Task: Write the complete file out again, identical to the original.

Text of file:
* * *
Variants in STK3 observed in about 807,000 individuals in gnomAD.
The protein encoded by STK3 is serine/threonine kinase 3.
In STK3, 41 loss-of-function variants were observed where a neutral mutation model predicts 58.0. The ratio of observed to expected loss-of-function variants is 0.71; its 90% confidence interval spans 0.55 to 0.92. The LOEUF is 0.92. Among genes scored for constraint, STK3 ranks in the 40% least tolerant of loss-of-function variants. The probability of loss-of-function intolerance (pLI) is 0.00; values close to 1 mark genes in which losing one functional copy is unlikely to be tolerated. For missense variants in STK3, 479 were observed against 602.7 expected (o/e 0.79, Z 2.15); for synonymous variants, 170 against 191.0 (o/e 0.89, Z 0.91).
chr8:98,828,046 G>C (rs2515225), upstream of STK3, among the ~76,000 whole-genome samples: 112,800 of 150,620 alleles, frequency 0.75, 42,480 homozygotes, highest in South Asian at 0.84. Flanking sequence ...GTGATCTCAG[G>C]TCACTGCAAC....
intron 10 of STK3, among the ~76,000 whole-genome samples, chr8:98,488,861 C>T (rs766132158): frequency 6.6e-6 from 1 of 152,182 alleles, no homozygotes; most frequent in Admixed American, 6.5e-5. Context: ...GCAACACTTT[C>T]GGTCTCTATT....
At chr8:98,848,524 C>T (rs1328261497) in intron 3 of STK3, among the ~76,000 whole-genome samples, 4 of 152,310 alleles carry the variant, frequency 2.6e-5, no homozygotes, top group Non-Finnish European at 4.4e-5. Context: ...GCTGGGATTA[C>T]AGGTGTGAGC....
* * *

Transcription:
Variants in STK3 observed in about 807,000 individuals in gnomAD.
The protein encoded by STK3 is serine/threonine kinase 3.
In STK3, 41 loss-of-function variants were observed where a neutral mutation model predicts 58.0. The ratio of observed to expected loss-of-function variants is 0.71; its 90% confidence interval spans 0.55 to 0.92. The LOEUF is 0.92. Among genes scored for constraint, STK3 ranks in the 40% least tolerant of loss-of-function variants. The probability of loss-of-function intolerance (pLI) is 0.00; values close to 1 mark genes in which losing one functional copy is unlikely to be tolerated. For missense variants in STK3, 479 were observed against 602.7 expected (o/e 0.79, Z 2.15); for synonymous variants, 170 against 191.0 (o/e 0.89, Z 0.91).
chr8:98,828,046 G>C (rs2515225), upstream of STK3, among the ~76,000 whole-genome samples: 112,800 of 150,620 alleles, frequency 0.75, 42,480 homozygotes, highest in South Asian at 0.84. Flanking sequence ...GTGATCTCAG[G>C]TCACTGCAAC....
intron 10 of STK3, among the ~76,000 whole-genome samples, chr8:98,488,861 C>T (rs766132158): frequency 6.6e-6 from 1 of 152,182 alleles, no homozygotes; most frequent in Admixed American, 6.5e-5. Context: ...GCAACACTTT[C>T]GGTCTCTATT....
At chr8:98,848,524 C>T (rs1328261497) in intron 3 of STK3, among the ~76,000 whole-genome samples, 4 of 152,310 alleles carry the variant, frequency 2.6e-5, no homozygotes, top group Non-Finnish European at 4.4e-5. Context: ...GCTGGGATTA[C>T]AGGTGTGAGC....